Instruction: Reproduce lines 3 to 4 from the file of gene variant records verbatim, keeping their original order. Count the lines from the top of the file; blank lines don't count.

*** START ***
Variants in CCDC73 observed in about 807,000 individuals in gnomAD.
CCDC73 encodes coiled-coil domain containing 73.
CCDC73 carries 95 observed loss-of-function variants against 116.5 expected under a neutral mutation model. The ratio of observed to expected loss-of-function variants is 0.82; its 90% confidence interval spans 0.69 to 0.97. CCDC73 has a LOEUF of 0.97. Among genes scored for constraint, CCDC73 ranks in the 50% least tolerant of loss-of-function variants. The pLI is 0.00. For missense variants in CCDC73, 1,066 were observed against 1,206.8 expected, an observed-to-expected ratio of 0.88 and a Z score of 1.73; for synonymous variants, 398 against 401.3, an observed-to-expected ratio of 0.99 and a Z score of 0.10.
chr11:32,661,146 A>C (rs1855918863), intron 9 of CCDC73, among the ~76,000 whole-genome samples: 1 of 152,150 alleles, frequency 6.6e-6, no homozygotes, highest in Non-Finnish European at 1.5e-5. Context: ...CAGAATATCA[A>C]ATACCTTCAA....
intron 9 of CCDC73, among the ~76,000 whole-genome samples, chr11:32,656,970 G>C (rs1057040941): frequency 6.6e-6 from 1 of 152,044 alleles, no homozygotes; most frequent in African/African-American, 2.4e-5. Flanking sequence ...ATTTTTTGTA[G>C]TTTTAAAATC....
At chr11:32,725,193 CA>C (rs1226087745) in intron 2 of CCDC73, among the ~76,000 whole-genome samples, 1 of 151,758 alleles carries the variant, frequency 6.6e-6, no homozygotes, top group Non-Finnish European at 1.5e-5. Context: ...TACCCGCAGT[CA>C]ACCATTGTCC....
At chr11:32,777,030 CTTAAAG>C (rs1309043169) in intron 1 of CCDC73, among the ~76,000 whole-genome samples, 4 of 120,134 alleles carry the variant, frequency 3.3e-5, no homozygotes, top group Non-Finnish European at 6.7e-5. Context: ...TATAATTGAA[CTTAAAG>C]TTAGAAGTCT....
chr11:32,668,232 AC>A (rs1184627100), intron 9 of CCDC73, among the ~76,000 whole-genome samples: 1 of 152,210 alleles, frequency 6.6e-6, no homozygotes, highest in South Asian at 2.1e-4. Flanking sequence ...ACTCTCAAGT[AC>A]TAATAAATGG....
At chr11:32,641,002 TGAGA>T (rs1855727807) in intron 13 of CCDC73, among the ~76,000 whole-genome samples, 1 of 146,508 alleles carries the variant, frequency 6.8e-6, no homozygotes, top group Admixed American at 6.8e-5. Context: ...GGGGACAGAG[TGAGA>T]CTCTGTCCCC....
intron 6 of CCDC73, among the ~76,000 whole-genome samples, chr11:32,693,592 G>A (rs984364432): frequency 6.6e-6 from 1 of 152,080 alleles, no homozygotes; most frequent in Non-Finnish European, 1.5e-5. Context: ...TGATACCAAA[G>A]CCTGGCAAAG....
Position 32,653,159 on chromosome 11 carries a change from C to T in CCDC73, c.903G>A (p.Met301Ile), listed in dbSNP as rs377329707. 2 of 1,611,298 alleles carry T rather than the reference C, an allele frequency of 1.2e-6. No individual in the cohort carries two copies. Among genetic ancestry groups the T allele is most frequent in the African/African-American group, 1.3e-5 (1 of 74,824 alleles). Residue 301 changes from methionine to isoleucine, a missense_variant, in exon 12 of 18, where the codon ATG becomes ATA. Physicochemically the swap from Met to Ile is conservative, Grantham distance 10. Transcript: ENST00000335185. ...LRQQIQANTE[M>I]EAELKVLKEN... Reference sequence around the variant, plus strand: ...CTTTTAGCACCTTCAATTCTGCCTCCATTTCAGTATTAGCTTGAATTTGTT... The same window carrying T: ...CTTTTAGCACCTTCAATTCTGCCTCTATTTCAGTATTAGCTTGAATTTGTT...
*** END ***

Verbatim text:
CCDC73 carries 95 observed loss-of-function variants against 116.5 expected under a neutral mutation model. The ratio of observed to expected loss-of-function variants is 0.82; its 90% confidence interval spans 0.69 to 0.97. CCDC73 has a LOEUF of 0.97. Among genes scored for constraint, CCDC73 ranks in the 50% least tolerant of loss-of-function variants. The pLI is 0.00. For missense variants in CCDC73, 1,066 were observed against 1,206.8 expected, an observed-to-expected ratio of 0.88 and a Z score of 1.73; for synonymous variants, 398 against 401.3, an observed-to-expected ratio of 0.99 and a Z score of 0.10.
chr11:32,661,146 A>C (rs1855918863), intron 9 of CCDC73, among the ~76,000 whole-genome samples: 1 of 152,150 alleles, frequency 6.6e-6, no homozygotes, highest in Non-Finnish European at 1.5e-5. Context: ...CAGAATATCA[A>C]ATACCTTCAA....